Kennewick's Windermere donates $25,000 to six Tri-City charities

Tri-City Herald Staff WriterApril 29, 2014 

The Tri-Cities lost to Spokane in a Facebook voting race for a $25,000 donation through the Windermere Foundation Charity Challenge.

But six Mid-Columbia nonprofits still won, thanks to $25,000 donated by Windermere Real Estate/Tri-Cities of Kennewick.

That will be enough to buy 20,000 diapers, provide low-income families with personal hygiene and home cleaning supplies, help homeless women and children find housing, and support a family in a transitional housing program for a year, among other causes.

Dave Retter, owner and broker of the Kennewick Windermere franchise, announced the donations Tuesday during the company's weekly sales meeting.

"We put a lot of effort into that, but it was a loss," Retter said of the Facebook contest. "I don't like to lose."

The donations will benefit Community Action Connections of Pasco, Safe Harbor Crisis Nursery of Kennewick, teen homeless shelter My Friends Place of Kennewick, Elijah Family Homes transitional housing program of Richland, the Tri-City Union Gospel Mission and the Tri-Cities Diaper Bank.

Win or lose, the Kennewick Windermere franchise had already committed to donating $12,000 to be split among the charities through the charity challenge. Tuesday's announcement more than doubled that amount. Each of the six charities received $4,166.

The original $12,000 comes from $7.50 from each transaction the Kennewick franchise closes, Retter said. That goes to the Windermere Foundation, and is returned to be donated in the local community. The additional $13,000 came from the company.

Community Action Connections will use the donation to cover necessities for low-income families that other funding doesn't support, said Judith Gidley, the nonprofit's executive director.

It will help provide welcome home kits to homeless families, which include dishes and silverware, pots and pans, and cleaning supplies that food stamps do not cover, she said. It also will help provide personal hygiene kits, with items such as toothbrushes, deodorant, toothpaste, combs and shampoo.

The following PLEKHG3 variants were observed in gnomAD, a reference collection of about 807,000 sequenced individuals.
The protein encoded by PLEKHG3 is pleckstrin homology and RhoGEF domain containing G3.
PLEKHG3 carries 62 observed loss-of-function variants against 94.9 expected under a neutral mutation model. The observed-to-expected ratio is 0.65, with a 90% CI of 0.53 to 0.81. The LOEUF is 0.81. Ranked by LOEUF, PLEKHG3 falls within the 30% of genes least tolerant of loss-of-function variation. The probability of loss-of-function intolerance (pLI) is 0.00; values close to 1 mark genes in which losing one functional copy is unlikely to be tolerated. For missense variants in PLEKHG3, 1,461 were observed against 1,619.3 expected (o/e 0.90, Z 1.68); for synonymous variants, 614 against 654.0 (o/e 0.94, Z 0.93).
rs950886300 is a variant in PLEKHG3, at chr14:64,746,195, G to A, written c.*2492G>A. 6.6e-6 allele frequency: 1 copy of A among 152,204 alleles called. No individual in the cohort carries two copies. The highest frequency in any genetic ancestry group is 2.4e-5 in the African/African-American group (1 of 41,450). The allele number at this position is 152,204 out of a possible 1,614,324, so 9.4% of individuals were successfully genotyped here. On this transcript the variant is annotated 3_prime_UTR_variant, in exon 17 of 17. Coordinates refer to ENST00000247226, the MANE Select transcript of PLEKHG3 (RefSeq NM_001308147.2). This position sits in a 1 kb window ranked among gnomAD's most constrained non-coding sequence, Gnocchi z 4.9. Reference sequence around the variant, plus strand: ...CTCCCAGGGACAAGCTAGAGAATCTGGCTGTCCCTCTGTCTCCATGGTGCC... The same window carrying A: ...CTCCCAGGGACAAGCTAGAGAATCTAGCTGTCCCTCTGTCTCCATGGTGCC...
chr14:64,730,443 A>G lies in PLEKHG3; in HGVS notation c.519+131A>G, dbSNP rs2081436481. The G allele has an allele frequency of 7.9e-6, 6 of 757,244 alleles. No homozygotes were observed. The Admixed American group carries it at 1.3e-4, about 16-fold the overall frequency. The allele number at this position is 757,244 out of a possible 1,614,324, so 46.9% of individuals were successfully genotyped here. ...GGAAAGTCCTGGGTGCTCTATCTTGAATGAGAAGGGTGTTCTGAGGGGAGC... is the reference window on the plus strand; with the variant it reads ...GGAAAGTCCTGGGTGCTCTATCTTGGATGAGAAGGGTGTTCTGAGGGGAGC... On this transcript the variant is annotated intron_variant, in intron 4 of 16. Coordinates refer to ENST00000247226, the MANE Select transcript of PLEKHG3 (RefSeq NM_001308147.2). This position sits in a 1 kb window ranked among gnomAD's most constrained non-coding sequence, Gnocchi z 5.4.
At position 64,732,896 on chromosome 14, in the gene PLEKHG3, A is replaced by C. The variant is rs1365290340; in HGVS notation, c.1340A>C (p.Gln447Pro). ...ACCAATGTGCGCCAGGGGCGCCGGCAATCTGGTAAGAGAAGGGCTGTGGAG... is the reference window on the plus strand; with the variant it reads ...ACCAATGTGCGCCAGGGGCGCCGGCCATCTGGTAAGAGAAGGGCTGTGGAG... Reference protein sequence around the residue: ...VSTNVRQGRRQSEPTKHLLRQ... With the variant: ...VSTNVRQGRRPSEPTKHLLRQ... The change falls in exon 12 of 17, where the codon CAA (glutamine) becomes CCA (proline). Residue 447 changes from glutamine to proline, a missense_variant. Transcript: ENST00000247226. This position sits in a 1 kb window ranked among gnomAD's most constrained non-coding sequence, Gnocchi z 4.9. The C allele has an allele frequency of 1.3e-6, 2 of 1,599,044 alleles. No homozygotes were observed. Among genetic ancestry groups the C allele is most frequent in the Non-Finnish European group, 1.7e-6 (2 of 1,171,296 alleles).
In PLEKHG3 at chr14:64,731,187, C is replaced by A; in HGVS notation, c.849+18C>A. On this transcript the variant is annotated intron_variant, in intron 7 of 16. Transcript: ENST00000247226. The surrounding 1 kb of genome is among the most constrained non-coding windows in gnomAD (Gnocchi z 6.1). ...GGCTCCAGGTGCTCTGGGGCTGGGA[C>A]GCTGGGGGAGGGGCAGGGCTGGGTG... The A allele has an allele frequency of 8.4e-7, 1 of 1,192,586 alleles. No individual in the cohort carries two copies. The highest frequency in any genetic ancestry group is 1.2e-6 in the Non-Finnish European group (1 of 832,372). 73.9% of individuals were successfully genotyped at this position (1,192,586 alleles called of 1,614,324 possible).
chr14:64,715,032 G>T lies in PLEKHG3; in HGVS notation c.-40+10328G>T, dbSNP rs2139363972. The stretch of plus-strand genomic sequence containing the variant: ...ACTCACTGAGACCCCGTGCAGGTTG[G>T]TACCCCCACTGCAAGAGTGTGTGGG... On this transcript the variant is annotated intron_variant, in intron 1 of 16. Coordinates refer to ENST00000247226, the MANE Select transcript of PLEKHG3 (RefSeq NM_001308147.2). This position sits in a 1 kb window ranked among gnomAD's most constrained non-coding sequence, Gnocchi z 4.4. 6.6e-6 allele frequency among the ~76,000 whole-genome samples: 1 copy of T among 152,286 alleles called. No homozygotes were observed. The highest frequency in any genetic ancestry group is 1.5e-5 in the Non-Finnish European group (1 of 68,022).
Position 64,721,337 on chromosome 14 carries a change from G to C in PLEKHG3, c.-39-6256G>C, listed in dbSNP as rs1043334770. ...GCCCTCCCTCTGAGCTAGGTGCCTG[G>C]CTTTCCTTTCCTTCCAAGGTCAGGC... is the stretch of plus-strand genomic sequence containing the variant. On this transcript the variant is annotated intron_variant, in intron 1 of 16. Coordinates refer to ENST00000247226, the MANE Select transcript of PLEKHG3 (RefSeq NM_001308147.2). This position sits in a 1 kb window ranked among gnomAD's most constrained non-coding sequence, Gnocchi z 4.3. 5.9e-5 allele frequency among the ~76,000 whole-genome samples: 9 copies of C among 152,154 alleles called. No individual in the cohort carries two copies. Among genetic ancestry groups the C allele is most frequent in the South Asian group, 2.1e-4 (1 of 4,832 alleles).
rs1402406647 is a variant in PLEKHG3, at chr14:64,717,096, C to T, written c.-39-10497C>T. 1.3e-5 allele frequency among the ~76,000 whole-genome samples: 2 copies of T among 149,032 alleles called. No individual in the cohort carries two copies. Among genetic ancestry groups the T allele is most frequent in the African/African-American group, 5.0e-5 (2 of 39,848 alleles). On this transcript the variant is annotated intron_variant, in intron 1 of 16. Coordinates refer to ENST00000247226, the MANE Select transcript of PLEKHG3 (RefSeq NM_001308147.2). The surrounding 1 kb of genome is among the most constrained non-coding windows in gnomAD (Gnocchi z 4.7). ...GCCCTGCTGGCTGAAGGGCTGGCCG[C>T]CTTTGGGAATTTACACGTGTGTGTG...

The Tri-City Union Gospel Mission will use the donation to support the services provided to women and children who seek shelter, said Andrew Porter, the mission's executive director.

In the past five years, the number of women and children needing help has climbed by 200 percent, he said. In response, they've gone from one employee to four full-time employees dedicated to helping homeless women and their families.

Last year, the mission helped 198 homeless women get housing for themselves and their children, many times with the help of other local agencies, he said.

For Elijah Family Homes, the donation is just about large enough to cover the cost of supporting one of the 10 families in the nonprofit's transitional housing program for one year. It helps families who don't qualify for public housing but have been clean and sober for at least a year.

While in the program, families work to improve their jobs and their education, said Ellen Kathren, executive director. Eight families have graduated so far from the program, which started about eight years ago as a ministry of Christ the King Catholic Church in Richland. It became a separate nonprofit about six years ago.

For the Tri-Cities Diaper Bank, $4,166 is enough to pay for about 20,000 diapers, said Renee Martin, program director.

Last year, the organization provided 360,000 diapers to about 8,000 children in the Tri-Cities, Martin said. Many of the diapers are distributed through other charities that help low-income families, including Elijah Family homes and Community Action Connections. This year, the diaper bank, started in 2011, hopes to provide even more.

Eric Shadle, Richland Seventh-Day Adventist Church senior pastor, said the diaper bank really only provides about 25 percent of the need -- enough diapers for a child for one week each month. About one-third of families with diaper-age kids have to decide between diapers and food.

Cloth diapers aren't an option, because many lack access to a washer and dryer, and those diapers can't be washed at laundromats, Shadle said. Some families will delay changing diapers or wash the disposable ones, creating a health risk.

A diaper drive is scheduled outside the Pasco Walmart from 10 a.m. to 8 p.m. Thursday and 10 a.m. to 7 p.m. Friday to help local families.

-- Kristi Pihl: 582-1512;

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